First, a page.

Luke's a free spirit, and when he refuses to fit in with this harsh regime, the corrupt warden sets out to break him.
Prisons don't come much nastier than the old French penal colony on Devil's Island, and this 1970s blockbuster is inspired by the experiences of Parisian burglar- turned-author Henri Charriere. Steve McQueen plays Charriere, a gifted safecracker who's sent to the sub-tropical hellhole after being falsely convicted of murder.
There he faces starvation, malaria, forced labour and extreme heat, but 'Papillon' refuses to let the place crush his spirit and plans a reckless sea escape, helped by a lovable forger played by Dustin Hoffman.
Midnight Express (1978)
Another prison film based on a true story, this time starring Brad Davis as Billy Hayes, a student who was foolish enough to try and smuggle hashish out of Turkey in 1970.
Apprehended by customs police with two kilos of hashish strapped to his chest, he's arrested and sent without trial to a hellish prison where he finds the going very tough. John Hurt plays an English heroin addict who tries to steer Billy clear of trouble, and a young Randy Quaid plays another American prisoner in this gripping thriller directed by Alan Parker and written by Oliver Stone.
This slightly neglected film is one of my favourite prison dramas, and is directed by Stuart Rosenberg, who also made Cool Hand Luke. Robert Redford stars as a mysterious and silent prisoner who arrives at a grim southern penitentiary called Wakefield.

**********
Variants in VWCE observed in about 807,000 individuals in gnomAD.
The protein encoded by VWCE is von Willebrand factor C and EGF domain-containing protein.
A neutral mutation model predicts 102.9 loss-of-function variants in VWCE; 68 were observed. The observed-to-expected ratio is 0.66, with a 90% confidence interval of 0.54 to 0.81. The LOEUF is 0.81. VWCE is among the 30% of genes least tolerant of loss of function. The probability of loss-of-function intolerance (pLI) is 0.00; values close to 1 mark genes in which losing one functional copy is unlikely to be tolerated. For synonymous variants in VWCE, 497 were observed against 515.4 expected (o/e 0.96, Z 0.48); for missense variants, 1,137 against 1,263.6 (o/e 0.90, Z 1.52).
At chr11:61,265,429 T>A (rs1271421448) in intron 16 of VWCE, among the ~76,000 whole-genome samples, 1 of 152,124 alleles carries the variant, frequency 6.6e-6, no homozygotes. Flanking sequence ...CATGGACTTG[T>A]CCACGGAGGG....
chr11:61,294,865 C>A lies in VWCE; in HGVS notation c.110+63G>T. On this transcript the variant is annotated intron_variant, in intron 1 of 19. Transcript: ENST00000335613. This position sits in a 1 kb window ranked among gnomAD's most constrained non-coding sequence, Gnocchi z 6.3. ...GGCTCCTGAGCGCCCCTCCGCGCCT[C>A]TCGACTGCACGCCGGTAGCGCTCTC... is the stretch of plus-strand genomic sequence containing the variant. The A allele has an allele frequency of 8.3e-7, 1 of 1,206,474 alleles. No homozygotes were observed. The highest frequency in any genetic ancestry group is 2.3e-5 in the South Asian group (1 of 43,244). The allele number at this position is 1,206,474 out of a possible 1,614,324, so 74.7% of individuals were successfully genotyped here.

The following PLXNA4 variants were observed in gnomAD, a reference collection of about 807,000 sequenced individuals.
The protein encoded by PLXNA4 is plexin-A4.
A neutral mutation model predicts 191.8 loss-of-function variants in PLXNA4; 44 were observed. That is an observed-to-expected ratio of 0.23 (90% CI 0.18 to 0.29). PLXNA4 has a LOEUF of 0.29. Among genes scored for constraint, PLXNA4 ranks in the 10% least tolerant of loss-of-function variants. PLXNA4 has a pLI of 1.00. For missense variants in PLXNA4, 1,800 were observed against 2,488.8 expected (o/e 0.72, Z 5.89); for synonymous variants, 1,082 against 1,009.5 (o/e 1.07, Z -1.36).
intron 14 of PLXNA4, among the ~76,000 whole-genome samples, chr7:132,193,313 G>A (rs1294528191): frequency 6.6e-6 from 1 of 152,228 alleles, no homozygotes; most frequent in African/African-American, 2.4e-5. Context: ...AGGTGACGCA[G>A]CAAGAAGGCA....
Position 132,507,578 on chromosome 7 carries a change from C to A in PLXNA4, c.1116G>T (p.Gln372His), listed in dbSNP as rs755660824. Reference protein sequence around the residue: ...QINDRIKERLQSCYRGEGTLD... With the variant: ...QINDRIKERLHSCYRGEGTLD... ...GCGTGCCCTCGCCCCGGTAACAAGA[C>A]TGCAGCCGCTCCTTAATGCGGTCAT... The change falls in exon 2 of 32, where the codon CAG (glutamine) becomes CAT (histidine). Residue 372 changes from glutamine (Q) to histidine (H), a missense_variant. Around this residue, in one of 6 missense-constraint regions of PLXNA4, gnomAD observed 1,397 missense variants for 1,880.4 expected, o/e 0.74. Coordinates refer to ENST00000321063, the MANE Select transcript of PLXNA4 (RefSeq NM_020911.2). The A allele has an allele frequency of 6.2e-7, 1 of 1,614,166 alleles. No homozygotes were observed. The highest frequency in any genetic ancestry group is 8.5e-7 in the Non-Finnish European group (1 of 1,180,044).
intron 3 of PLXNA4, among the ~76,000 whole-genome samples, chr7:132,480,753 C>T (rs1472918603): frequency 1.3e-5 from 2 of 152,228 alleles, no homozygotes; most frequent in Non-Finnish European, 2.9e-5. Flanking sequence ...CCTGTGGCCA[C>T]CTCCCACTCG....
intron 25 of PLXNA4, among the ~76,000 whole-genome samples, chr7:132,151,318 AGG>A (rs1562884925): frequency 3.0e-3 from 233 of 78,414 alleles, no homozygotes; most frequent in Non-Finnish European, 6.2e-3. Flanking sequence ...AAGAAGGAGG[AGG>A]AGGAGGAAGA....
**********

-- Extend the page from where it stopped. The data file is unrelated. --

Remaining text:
After witnessing sexual assaults, torture and worm-ridden food, he reveals himself as Henry Brubaker, the new warden, and a man determined to reform this endemically corrupt prison. Yaphet Kotto plays a veteran inmate who agrees to help Brubaker, and watch out for a then-unknown Morgan Freeman playing a prisoner.
The Shawshank Redemption (1994)
Mr Freeman takes centre stage in this excellent Frank Darabont prison yarn based on a story by Stephen King. Tim Robbins co-starred as Andy Dufresne, a mild-mannered banker who's sent to the grim Shawshank prison after being convicted of killing his wife and her lover.
Freeman is an old stager who befriends him, and though Andy is picked on by the warden and various gangs, he always maintains his innocence and dreams of one day escaping. Shawshank did nothing at the box office when first released in 1994, it became hugely popular on video and TV, and is now a popular classic.
Michael Fassbender is a big Hollywood star these days, but it was his performance in Steve McQueen's Hunger that got him there.
The English filmmaker's debut feature is an imaginative and unflinching take on the 1981 IRA Maze Prison hunger strikes, and Fassbender plays the Republican inmates' charismatic leader Bobby Sands, who reflects on his life and experiences as he prepares to make what he sees as the ultimate sacrifice for his country.
Fassbender summons extraordinary intensity in his portrayal of Bobby Sands, most notably in a compelling 20-minute encounter with Liam Cunningham's concerned priest, and Hunger is one of the very finest prison movies.
A Prophet (2009)
In Jacques Audiard's outstanding, Oscar-nominated crime drama, Tahar Rahim is Malik El Djebena, a young French-Algerian who's given a six-year stretch for attacking a police officer.
Alone and terrified in a brutal prison environment, he's taken under the wing of an elderly Corsican gangster called Cesar Luciani, who sees promise in the boy and forces him to prove himself by committing a particularly vicious murder. Audiard's film brilliantly charts Malik's evolution from frightened youth to a clever and resourceful criminal, and veteran French actor Niels Arestrup is terrific as the cynical mobster Cesar.